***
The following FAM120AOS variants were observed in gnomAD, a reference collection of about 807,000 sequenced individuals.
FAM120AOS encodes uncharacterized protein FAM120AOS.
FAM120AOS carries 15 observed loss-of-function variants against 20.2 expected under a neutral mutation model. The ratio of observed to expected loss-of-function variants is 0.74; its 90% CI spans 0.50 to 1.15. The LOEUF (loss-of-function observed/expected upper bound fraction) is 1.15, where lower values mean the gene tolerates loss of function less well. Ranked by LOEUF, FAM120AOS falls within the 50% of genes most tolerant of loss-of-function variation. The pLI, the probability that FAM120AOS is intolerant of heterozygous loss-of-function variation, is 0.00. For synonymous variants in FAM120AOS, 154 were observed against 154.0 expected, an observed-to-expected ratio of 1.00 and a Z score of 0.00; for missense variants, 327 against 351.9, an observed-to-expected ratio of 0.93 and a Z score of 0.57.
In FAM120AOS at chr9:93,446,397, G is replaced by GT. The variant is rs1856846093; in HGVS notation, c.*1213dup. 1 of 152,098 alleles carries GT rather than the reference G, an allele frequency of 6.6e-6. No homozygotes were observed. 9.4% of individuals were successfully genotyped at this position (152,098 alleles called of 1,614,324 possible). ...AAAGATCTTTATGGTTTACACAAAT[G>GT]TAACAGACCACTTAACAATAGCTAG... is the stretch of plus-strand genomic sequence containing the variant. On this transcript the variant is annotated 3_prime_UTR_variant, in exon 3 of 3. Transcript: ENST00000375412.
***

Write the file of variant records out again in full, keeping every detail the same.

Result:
The following FAM120AOS variants were observed in gnomAD, a reference collection of about 807,000 sequenced individuals.
FAM120AOS encodes uncharacterized protein FAM120AOS.
FAM120AOS carries 15 observed loss-of-function variants against 20.2 expected under a neutral mutation model. The ratio of observed to expected loss-of-function variants is 0.74; its 90% CI spans 0.50 to 1.15. The LOEUF (loss-of-function observed/expected upper bound fraction) is 1.15, where lower values mean the gene tolerates loss of function less well. Ranked by LOEUF, FAM120AOS falls within the 50% of genes most tolerant of loss-of-function variation. The pLI, the probability that FAM120AOS is intolerant of heterozygous loss-of-function variation, is 0.00. For synonymous variants in FAM120AOS, 154 were observed against 154.0 expected, an observed-to-expected ratio of 1.00 and a Z score of 0.00; for missense variants, 327 against 351.9, an observed-to-expected ratio of 0.93 and a Z score of 0.57.
In FAM120AOS at chr9:93,446,397, G is replaced by GT. The variant is rs1856846093; in HGVS notation, c.*1213dup. 1 of 152,098 alleles carries GT rather than the reference G, an allele frequency of 6.6e-6. No homozygotes were observed. 9.4% of individuals were successfully genotyped at this position (152,098 alleles called of 1,614,324 possible). ...AAAGATCTTTATGGTTTACACAAAT[G>GT]TAACAGACCACTTAACAATAGCTAG... is the stretch of plus-strand genomic sequence containing the variant. On this transcript the variant is annotated 3_prime_UTR_variant, in exon 3 of 3. Transcript: ENST00000375412.